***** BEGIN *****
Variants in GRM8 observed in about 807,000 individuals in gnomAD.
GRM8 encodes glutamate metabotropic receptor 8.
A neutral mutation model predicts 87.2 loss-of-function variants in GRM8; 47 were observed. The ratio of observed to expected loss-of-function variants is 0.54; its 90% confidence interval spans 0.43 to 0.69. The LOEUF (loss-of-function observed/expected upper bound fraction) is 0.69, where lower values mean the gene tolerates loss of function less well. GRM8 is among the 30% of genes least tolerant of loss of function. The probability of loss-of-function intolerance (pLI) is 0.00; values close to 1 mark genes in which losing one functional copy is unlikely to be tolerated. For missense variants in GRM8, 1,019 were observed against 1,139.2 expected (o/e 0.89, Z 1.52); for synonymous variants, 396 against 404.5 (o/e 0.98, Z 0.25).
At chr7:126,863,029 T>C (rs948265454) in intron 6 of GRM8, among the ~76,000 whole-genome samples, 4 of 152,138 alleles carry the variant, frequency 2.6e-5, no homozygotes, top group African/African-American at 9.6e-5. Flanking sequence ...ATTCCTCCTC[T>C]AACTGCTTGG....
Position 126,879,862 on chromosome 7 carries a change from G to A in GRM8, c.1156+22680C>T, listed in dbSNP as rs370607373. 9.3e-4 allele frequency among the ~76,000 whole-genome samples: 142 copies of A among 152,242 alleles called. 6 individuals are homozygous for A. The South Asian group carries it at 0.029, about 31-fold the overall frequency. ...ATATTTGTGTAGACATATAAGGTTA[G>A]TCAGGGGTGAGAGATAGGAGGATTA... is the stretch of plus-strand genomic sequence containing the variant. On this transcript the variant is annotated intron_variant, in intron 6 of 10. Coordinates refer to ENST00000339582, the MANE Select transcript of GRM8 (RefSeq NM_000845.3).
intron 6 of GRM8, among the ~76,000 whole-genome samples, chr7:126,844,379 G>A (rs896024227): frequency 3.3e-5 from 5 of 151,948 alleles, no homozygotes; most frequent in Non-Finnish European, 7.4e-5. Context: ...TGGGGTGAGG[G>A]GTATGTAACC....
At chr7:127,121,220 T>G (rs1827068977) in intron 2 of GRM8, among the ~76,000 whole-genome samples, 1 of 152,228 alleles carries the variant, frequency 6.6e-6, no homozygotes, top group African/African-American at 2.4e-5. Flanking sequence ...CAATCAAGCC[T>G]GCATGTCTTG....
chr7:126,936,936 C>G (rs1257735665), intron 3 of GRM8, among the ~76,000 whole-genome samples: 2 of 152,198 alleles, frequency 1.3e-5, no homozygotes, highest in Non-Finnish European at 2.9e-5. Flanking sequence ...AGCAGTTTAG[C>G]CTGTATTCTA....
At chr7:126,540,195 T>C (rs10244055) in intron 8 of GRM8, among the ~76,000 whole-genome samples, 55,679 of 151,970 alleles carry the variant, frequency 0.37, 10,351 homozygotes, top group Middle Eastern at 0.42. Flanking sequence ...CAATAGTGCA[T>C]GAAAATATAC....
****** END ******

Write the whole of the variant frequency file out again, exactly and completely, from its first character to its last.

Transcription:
Variants in GRM8 observed in about 807,000 individuals in gnomAD.
GRM8 encodes glutamate metabotropic receptor 8.
A neutral mutation model predicts 87.2 loss-of-function variants in GRM8; 47 were observed. The ratio of observed to expected loss-of-function variants is 0.54; its 90% confidence interval spans 0.43 to 0.69. The LOEUF (loss-of-function observed/expected upper bound fraction) is 0.69, where lower values mean the gene tolerates loss of function less well. GRM8 is among the 30% of genes least tolerant of loss of function. The probability of loss-of-function intolerance (pLI) is 0.00; values close to 1 mark genes in which losing one functional copy is unlikely to be tolerated. For missense variants in GRM8, 1,019 were observed against 1,139.2 expected (o/e 0.89, Z 1.52); for synonymous variants, 396 against 404.5 (o/e 0.98, Z 0.25).
At chr7:126,863,029 T>C (rs948265454) in intron 6 of GRM8, among the ~76,000 whole-genome samples, 4 of 152,138 alleles carry the variant, frequency 2.6e-5, no homozygotes, top group African/African-American at 9.6e-5. Flanking sequence ...ATTCCTCCTC[T>C]AACTGCTTGG....
Position 126,879,862 on chromosome 7 carries a change from G to A in GRM8, c.1156+22680C>T, listed in dbSNP as rs370607373. 9.3e-4 allele frequency among the ~76,000 whole-genome samples: 142 copies of A among 152,242 alleles called. 6 individuals are homozygous for A. The South Asian group carries it at 0.029, about 31-fold the overall frequency. ...ATATTTGTGTAGACATATAAGGTTA[G>A]TCAGGGGTGAGAGATAGGAGGATTA... is the stretch of plus-strand genomic sequence containing the variant. On this transcript the variant is annotated intron_variant, in intron 6 of 10. Coordinates refer to ENST00000339582, the MANE Select transcript of GRM8 (RefSeq NM_000845.3).
intron 6 of GRM8, among the ~76,000 whole-genome samples, chr7:126,844,379 G>A (rs896024227): frequency 3.3e-5 from 5 of 151,948 alleles, no homozygotes; most frequent in Non-Finnish European, 7.4e-5. Context: ...TGGGGTGAGG[G>A]GTATGTAACC....
At chr7:127,121,220 T>G (rs1827068977) in intron 2 of GRM8, among the ~76,000 whole-genome samples, 1 of 152,228 alleles carries the variant, frequency 6.6e-6, no homozygotes, top group African/African-American at 2.4e-5. Flanking sequence ...CAATCAAGCC[T>G]GCATGTCTTG....
chr7:126,936,936 C>G (rs1257735665), intron 3 of GRM8, among the ~76,000 whole-genome samples: 2 of 152,198 alleles, frequency 1.3e-5, no homozygotes, highest in Non-Finnish European at 2.9e-5. Flanking sequence ...AGCAGTTTAG[C>G]CTGTATTCTA....
At chr7:126,540,195 T>C (rs10244055) in intron 8 of GRM8, among the ~76,000 whole-genome samples, 55,679 of 151,970 alleles carry the variant, frequency 0.37, 10,351 homozygotes, top group Middle Eastern at 0.42. Flanking sequence ...CAATAGTGCA[T>C]GAAAATATAC....